In essence, both Nexium and Dexilant are effective at limiting effects associated with excess gastric acidity such as heartburn or ulceration, helping patients manage their condition more effectively.

What is Dexilant?

Dexilant is a brand name for dexlansoprazole, which is a proton pump inhibitor (PPI), meaning it decreases the amount of acid produced in the stomach. Apart from treating symptoms of gastroesophageal reflux disease (GERD), such as heartburn, difficulty swallowing, and persistent cough, Dexilant can also repair esophagus damage caused by acid over time. It was first approved by the FDA in 2009.

As dexlansoprazole isn't an H2 antagonist (a type of antihistamine that inhibits the action of histamine at H2 receptors), its mechanism differs significantly from medications like Tagamet or Zantac. Unlike these drugs, Dexilant does not block histamine but instead directly reduces gastric acid production by inhibiting the enzyme on gastric parietal cells responsible for secretion. This unique function means that its side-effect profile also varies: while generally well-tolerated with few side effects, some patients may experience diarrhea or abdominal pain. The reduction in stomach acidity provided by dexlansoprazole can be beneficial particularly to those who don't respond favorably to treatment involving antacids or H2 antagonists.

What conditions is Dexilant approved to treat?

Dexilant is a medication that has been approved by the FDA for treating several acid-related conditions, such as:

  • Gastroesophageal reflux disease (GERD), a chronic condition where stomach acid frequently flows back into the esophagus.
  • Erosive esophagitis (EE), which is inflammation and damage to the lining of your esophagus caused by stomach acid.
  • Maintaining healing of EE and relief from heartburn.

How does Dexilant help with these illnesses?

Dexlansoprazole, or Dexilant, is a proton pump inhibitor (PPI) similar to esomeprazole (Nexium). It works by blocking the enzyme in the wall of the stomach that produces acid. This reduces the amount of gastric acid produced and alleviates symptoms associated with conditions like gastroesophageal reflux disease (GERD), which can cause heartburn and other uncomfortable symptoms. Dexilant has a unique delivery system allowing for two separate releases of medication in one capsule, providing extended relief over time. Moreover, it is metabolized slower than Nexium which could lead to longer-lasting effects on reducing stomach acid production. Therefore, Dexilant might be used when patients do not respond well to Nexium or need more prolonged symptom relief.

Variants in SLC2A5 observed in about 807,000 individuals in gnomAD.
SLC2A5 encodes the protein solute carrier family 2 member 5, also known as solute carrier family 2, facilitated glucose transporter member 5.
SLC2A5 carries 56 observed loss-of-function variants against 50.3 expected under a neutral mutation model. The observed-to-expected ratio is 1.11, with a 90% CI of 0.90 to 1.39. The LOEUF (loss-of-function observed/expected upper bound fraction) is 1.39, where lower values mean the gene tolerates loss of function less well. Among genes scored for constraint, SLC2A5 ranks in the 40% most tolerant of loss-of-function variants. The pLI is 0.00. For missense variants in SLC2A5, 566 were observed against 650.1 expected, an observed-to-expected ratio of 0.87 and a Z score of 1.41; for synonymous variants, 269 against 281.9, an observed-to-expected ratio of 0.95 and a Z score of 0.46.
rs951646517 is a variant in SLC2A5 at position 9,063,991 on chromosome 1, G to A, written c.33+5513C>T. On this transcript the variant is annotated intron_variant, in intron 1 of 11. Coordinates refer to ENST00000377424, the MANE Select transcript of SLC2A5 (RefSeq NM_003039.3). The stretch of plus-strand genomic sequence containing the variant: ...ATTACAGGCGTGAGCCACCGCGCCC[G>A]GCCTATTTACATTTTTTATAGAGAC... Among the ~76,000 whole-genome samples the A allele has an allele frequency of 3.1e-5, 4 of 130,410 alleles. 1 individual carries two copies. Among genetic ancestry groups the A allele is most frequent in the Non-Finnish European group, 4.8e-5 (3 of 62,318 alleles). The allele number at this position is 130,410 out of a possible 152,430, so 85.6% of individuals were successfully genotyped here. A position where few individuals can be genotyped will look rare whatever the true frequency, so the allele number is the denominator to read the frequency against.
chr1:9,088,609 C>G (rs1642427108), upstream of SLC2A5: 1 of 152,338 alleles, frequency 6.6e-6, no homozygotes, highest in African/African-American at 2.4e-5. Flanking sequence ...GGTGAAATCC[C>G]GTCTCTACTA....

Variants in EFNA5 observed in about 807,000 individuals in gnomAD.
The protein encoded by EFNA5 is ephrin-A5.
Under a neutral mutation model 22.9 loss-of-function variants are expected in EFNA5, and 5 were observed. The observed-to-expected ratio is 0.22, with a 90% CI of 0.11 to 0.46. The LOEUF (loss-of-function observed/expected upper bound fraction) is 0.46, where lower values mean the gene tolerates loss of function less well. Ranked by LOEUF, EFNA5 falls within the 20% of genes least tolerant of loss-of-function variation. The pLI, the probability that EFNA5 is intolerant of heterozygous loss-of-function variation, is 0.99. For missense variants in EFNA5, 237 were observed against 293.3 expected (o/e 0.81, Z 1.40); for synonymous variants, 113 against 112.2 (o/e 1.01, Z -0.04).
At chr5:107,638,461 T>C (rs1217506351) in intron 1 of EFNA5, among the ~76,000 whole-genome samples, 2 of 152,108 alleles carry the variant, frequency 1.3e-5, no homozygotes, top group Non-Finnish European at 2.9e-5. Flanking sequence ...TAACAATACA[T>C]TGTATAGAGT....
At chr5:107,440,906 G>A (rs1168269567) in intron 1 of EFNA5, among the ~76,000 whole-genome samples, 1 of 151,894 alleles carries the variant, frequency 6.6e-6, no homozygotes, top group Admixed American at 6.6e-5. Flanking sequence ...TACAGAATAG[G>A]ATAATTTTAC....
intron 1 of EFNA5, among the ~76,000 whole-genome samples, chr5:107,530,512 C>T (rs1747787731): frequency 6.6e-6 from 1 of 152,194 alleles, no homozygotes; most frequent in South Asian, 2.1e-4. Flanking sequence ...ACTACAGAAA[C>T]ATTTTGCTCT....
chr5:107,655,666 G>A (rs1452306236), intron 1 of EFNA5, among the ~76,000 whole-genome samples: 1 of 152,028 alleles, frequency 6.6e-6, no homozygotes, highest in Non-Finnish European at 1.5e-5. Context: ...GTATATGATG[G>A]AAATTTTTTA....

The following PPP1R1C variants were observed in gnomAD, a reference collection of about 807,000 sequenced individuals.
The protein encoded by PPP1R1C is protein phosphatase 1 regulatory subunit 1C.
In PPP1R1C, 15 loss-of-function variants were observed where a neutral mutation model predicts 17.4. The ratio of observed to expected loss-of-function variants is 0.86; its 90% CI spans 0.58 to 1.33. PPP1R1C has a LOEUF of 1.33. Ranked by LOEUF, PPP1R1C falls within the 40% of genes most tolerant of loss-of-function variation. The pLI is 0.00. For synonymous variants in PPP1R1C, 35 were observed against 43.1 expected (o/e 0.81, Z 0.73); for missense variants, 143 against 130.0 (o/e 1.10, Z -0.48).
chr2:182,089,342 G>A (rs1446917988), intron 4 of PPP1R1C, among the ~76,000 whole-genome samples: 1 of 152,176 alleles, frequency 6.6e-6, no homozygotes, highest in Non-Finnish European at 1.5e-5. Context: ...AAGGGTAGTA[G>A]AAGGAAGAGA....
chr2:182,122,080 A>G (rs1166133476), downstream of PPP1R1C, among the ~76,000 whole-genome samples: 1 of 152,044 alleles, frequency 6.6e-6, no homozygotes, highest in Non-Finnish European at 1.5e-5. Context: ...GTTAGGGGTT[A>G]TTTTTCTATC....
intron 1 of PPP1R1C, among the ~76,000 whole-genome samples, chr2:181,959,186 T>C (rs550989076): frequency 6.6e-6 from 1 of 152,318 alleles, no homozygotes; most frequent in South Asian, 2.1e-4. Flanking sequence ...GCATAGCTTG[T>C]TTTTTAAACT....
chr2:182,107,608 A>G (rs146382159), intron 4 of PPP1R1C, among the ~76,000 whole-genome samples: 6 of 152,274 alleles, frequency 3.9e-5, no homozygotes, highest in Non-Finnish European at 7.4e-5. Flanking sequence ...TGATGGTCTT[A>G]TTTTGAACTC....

How effective are both Nexium and Dexilant?

Both esomeprazole (Nexium) and dexlansoprazole (Dexilant) are proton pump inhibitors with a proven track record for treating conditions caused by excess stomach acid, such as gastroesophageal reflux disease (GERD), erosive esophagitis, and Zollinger-Ellison syndrome. They were both approved by the FDA within a decade of each other, with Nexium in 2001 and Dexilant in 2009. Given that they inhibit different enzymes involved in gastric acid secretion, their prescribing patterns might differ based on specific patient needs.

A direct comparison study conducted during clinical development demonstrated comparable efficacy between these two drugs at managing GERD symptoms over an eight-week period. The safety profiles of both drugs were also promising; most adverse effects reported were mild to moderate in severity and transient.

In terms of meta-analysis reports, one review from 2013 suggested that esomeprazole is effective at healing erosive esophagitis starting from the first week of treatment. This study also pointed out its good tolerability profile compared to other proton pump inhibitors making it a popular choice among prescribers worldwide.

On the other hand, dexlansoprazole has been shown to be highly effective against placebo in treating symptoms related to GERD according to a 2015 meta-analysis. While typically not considered as the initial treatment option due to its cost-effectiveness ratio compared with omeprazole or lansoprazole - common first-line treatments - there's still significant research supporting its use especially when co-prescribed alongside H2 blockers like ranitidine for better symptom control.

Overall, either drug could serve as an optimal solution depending on individual patients' tolerance levels or need to avoid certain side effects associated with proton pump inhibitors such as abdominal pain or diarrhea.

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At what dose is Nexium typically prescribed?